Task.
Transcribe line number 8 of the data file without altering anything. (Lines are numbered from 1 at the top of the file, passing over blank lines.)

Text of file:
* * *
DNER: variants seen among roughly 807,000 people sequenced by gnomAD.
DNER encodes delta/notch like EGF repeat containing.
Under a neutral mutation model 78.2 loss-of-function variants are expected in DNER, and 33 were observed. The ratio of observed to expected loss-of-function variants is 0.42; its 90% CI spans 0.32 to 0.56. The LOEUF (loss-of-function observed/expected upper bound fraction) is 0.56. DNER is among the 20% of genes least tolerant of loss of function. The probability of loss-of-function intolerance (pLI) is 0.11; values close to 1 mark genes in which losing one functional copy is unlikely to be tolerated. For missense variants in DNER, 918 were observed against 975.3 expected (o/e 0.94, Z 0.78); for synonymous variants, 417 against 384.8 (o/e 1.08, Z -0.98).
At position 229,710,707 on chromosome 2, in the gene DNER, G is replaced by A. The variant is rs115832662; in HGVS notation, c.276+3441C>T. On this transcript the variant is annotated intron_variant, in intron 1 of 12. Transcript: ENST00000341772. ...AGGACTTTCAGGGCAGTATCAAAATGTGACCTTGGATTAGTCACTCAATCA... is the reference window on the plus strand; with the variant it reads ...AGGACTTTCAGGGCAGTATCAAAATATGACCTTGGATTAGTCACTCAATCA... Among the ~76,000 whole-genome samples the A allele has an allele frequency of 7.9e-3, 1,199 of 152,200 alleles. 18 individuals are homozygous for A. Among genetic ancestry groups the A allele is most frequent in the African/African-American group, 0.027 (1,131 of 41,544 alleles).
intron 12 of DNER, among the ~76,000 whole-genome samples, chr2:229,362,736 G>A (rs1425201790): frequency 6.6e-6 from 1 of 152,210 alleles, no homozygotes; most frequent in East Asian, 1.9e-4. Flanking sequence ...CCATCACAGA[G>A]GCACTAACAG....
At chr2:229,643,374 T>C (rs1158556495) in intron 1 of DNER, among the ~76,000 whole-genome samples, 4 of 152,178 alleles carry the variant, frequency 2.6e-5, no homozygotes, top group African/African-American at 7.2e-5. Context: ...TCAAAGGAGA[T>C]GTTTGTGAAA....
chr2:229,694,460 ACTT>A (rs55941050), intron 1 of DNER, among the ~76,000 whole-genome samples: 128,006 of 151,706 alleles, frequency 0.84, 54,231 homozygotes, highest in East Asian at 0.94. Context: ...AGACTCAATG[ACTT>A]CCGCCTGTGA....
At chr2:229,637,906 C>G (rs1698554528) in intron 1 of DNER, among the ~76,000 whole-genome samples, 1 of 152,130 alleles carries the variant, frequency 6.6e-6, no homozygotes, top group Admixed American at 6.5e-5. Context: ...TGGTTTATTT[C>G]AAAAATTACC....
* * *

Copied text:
At chr2:229,637,906 C>G (rs1698554528) in intron 1 of DNER, among the ~76,000 whole-genome samples, 1 of 152,130 alleles carries the variant, frequency 6.6e-6, no homozygotes, top group Admixed American at 6.5e-5. Context: ...TGGTTTATTT[C>G]AAAAATTACC....